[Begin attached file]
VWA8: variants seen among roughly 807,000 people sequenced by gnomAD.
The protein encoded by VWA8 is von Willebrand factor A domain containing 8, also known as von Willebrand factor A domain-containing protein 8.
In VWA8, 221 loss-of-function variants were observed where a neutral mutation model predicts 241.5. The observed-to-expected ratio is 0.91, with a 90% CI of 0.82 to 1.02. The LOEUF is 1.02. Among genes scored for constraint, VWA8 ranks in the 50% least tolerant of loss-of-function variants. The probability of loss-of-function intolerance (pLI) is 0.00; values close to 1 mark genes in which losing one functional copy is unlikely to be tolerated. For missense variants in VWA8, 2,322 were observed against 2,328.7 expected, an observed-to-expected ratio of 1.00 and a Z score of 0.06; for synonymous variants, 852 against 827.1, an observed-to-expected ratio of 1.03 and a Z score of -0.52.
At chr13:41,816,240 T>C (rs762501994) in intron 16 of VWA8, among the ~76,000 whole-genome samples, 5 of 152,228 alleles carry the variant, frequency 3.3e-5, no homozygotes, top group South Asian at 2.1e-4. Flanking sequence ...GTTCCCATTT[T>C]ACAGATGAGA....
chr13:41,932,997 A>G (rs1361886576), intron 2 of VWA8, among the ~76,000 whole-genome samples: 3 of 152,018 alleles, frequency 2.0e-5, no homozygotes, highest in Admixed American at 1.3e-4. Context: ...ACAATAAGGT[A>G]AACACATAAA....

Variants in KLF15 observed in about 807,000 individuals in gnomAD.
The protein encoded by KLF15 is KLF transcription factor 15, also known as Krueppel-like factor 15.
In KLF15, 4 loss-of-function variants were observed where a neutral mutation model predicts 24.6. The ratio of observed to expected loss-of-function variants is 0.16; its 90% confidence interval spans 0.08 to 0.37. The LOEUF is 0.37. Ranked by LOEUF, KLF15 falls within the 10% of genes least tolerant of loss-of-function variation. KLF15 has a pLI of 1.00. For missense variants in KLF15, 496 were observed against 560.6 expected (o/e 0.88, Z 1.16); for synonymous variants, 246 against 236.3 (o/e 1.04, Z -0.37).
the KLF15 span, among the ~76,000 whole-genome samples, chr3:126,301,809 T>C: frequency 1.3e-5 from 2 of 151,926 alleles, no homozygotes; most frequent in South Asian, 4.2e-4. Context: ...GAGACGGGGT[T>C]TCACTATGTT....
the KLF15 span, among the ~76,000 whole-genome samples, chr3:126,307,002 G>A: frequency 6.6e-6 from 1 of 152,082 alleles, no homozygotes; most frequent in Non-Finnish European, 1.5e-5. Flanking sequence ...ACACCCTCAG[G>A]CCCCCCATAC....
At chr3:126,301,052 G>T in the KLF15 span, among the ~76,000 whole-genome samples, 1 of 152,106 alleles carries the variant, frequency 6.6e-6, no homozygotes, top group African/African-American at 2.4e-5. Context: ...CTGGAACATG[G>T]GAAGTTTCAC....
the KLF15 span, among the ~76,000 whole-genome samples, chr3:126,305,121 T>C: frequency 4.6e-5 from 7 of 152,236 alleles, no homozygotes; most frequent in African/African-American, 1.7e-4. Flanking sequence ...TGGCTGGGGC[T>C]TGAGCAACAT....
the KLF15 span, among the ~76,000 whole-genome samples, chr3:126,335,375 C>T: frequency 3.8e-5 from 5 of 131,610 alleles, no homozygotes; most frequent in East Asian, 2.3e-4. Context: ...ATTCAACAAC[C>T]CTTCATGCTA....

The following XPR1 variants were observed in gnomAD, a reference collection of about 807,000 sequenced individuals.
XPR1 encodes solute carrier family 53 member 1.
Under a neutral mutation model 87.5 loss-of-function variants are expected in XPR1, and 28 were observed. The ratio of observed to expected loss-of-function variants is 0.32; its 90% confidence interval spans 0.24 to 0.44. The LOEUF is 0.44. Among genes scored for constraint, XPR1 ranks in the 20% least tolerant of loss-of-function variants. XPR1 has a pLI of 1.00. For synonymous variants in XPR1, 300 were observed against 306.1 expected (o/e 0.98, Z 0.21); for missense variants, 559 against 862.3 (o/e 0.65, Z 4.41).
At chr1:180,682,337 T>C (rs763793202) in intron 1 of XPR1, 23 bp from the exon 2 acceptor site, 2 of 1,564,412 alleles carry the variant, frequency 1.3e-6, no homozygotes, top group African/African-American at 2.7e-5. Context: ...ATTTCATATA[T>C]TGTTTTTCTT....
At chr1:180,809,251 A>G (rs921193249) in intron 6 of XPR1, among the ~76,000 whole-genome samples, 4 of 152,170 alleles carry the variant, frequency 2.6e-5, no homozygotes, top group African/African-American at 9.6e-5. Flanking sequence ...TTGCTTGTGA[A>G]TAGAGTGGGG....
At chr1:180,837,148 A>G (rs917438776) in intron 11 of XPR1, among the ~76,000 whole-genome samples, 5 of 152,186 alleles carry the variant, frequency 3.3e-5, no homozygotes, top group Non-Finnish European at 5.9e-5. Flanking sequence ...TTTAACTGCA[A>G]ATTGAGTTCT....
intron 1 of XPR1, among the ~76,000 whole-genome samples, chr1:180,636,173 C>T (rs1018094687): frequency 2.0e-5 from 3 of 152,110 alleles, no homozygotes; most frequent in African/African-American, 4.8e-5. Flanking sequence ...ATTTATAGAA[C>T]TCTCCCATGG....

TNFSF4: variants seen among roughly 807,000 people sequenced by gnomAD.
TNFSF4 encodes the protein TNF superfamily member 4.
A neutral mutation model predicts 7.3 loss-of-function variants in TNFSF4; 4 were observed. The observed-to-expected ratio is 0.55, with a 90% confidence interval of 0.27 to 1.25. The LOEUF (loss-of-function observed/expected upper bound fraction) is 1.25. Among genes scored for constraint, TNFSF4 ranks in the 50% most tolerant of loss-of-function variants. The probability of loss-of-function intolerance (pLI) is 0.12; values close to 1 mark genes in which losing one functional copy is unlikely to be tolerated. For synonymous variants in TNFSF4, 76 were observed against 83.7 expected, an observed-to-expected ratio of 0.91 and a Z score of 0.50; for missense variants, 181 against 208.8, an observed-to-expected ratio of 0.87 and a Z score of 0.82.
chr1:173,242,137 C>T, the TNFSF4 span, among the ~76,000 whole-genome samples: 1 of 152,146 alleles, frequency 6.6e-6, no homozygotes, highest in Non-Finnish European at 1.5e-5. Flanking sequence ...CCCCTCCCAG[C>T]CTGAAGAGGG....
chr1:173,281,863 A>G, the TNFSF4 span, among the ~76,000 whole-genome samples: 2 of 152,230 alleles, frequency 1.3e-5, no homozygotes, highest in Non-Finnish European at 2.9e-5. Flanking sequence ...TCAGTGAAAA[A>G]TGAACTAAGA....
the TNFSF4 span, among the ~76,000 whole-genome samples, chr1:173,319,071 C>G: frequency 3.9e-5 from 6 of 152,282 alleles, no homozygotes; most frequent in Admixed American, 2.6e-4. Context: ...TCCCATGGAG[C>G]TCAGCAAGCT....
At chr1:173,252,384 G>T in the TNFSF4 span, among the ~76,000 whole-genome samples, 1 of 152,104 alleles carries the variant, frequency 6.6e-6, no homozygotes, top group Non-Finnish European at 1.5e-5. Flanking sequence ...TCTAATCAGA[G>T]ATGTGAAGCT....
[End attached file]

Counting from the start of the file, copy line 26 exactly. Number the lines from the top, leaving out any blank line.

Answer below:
the TNFSF4 span, among the ~76,000 whole-genome samples, chr1:173,319,071 C>G: frequency 3.9e-5 from 6 of 152,282 alleles, no homozygotes; most frequent in Admixed American, 2.6e-4. Context: ...TCCCATGGAG[C>G]TCAGCAAGCT....